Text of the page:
How to Perform Action Recognition on Keypoints with ST-GCN++

Action recognition is a computer vision task aimed at identifying human actions in visual data, using machine learning techniques to analyze motion and appearance patterns. This field is distinct from traditional classification, focusing on temporal dynamics in videos and has applications in surveillance, healthcare, sports analysis, and more.

Leonard So

What is Action Recognition?

Action recognition is a computer vision task that focuses on identifying and understanding human actions or activities from visual data, typically images or videos. The goal of action recognition is to develop algorithms and models that can automatically detect and classify various actions performed by humans or objects in a given scene.

In action recognition, the primary task is to recognize the specific action or activity being performed by analyzing the motion and appearance patterns within the visual data. This involves detecting and tracking relevant objects, understanding their spatial and temporal relationships, and extracting meaningful features that represent the actions. These features can include information about motion trajectories, pose configurations, object interactions, and more.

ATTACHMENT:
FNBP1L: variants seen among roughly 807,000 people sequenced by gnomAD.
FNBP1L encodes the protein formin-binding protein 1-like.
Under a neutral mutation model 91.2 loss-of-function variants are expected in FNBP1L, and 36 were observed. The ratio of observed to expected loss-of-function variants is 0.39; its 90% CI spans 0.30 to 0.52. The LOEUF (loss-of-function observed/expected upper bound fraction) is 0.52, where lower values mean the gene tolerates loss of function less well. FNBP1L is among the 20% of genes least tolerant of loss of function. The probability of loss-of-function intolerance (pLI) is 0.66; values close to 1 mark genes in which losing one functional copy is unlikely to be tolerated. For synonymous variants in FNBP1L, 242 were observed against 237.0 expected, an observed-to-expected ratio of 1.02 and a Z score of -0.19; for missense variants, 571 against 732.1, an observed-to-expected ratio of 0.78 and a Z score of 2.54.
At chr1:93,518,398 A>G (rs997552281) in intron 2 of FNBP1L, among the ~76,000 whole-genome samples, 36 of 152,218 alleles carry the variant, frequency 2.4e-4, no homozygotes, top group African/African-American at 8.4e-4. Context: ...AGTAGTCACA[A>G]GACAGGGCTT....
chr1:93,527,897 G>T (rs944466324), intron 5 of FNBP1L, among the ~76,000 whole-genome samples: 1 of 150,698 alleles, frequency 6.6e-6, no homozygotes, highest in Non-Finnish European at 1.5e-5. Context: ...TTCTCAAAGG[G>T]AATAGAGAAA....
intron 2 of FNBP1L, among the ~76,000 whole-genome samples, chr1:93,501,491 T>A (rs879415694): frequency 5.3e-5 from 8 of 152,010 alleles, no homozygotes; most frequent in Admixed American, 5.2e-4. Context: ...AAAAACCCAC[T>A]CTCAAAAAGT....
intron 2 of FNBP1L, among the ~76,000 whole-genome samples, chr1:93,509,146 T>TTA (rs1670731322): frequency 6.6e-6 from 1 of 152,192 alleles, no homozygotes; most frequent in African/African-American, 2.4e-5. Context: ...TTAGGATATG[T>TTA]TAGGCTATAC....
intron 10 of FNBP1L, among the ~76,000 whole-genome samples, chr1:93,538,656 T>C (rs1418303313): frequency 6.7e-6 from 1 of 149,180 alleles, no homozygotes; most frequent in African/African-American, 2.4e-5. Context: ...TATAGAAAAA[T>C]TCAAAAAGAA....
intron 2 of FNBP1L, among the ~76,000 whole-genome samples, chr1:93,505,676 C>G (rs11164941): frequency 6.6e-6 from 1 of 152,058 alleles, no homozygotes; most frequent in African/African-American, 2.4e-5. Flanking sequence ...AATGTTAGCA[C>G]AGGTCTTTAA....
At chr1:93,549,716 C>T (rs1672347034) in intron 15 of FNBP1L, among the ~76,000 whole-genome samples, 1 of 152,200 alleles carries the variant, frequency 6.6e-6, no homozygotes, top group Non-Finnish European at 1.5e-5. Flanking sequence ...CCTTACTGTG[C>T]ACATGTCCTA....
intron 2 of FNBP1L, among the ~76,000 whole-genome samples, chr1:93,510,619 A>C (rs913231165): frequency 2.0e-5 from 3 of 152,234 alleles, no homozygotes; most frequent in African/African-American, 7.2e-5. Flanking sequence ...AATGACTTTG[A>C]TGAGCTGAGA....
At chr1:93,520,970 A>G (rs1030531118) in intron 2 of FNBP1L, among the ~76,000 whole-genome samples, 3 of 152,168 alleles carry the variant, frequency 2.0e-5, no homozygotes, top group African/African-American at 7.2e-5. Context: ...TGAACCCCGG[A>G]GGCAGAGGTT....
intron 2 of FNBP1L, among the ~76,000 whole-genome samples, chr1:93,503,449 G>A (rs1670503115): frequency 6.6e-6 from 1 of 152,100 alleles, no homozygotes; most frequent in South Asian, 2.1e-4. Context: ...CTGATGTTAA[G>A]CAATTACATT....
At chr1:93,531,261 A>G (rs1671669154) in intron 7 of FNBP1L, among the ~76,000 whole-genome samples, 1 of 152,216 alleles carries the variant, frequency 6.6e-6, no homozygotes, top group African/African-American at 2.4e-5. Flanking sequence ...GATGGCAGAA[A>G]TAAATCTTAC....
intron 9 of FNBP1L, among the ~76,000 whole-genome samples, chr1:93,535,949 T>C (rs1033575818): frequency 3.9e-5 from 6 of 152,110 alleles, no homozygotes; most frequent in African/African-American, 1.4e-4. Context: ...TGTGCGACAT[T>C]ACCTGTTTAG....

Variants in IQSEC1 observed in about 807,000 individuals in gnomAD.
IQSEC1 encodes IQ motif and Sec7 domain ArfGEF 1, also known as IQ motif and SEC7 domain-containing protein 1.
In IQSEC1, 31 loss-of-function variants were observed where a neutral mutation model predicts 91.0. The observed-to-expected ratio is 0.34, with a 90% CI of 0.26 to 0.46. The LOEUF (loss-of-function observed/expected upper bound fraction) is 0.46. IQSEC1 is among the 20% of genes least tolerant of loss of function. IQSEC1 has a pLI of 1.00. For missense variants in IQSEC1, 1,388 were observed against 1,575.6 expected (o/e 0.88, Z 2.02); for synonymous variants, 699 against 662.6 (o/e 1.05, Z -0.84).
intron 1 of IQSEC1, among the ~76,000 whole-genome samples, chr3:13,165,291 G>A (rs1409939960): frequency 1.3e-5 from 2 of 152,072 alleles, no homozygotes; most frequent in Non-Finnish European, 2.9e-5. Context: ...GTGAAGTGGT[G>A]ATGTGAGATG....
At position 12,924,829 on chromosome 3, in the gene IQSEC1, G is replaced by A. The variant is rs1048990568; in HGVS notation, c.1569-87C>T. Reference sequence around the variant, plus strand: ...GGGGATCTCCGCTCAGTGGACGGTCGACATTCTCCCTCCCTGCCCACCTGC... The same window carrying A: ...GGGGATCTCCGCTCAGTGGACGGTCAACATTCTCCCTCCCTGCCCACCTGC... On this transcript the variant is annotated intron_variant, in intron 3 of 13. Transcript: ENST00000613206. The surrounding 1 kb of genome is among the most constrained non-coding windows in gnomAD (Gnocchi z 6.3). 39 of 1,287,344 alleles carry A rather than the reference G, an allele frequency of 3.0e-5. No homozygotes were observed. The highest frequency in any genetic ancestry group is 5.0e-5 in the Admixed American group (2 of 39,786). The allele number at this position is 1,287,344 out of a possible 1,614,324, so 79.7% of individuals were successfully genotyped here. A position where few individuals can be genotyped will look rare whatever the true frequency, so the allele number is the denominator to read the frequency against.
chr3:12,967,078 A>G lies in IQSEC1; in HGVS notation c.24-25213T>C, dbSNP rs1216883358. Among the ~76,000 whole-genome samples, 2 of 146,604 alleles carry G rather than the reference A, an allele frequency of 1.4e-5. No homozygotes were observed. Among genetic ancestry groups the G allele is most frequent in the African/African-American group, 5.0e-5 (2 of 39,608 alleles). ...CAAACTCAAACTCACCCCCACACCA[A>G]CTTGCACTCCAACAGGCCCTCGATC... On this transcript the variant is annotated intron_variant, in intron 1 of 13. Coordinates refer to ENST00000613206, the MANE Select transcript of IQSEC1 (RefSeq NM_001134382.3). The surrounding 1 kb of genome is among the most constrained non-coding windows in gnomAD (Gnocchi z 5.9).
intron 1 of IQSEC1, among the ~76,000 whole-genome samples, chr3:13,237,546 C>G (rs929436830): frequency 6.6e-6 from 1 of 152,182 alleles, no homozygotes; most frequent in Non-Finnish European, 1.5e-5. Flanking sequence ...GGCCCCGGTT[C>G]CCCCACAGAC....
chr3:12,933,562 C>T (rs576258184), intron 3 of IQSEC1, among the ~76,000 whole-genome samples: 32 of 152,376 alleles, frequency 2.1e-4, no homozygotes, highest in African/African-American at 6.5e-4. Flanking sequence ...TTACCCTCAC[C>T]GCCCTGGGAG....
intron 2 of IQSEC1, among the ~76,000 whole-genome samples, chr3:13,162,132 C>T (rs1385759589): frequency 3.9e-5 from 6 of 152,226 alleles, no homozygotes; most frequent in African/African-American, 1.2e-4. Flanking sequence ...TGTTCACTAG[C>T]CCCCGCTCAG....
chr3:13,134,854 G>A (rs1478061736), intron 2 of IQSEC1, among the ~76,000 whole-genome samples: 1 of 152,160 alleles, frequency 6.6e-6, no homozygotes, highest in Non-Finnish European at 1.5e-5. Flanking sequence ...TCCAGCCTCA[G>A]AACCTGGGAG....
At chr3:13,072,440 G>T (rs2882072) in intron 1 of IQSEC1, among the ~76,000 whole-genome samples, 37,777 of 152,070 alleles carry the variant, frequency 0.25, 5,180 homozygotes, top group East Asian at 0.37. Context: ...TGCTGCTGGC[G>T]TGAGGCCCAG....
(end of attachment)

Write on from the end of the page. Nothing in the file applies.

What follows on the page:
Action recognition is a challenging task due to factors such as variations in lighting conditions, camera viewpoints, occlusions, and the complex nature of human motion. Researchers in this field often employ machine learning techniques, including deep learning, to extract relevant features and train models capable of accurately recognizing and classifying actions. These models are typically trained on large datasets containing labeled examples of various actions.

How is Action Recognition Different From Classification?

Action recognition differs from traditional classification in the type of information that is being extracted and analyzed. Action recognition focuses primarily on temporal information, while classification focuses on spatial information.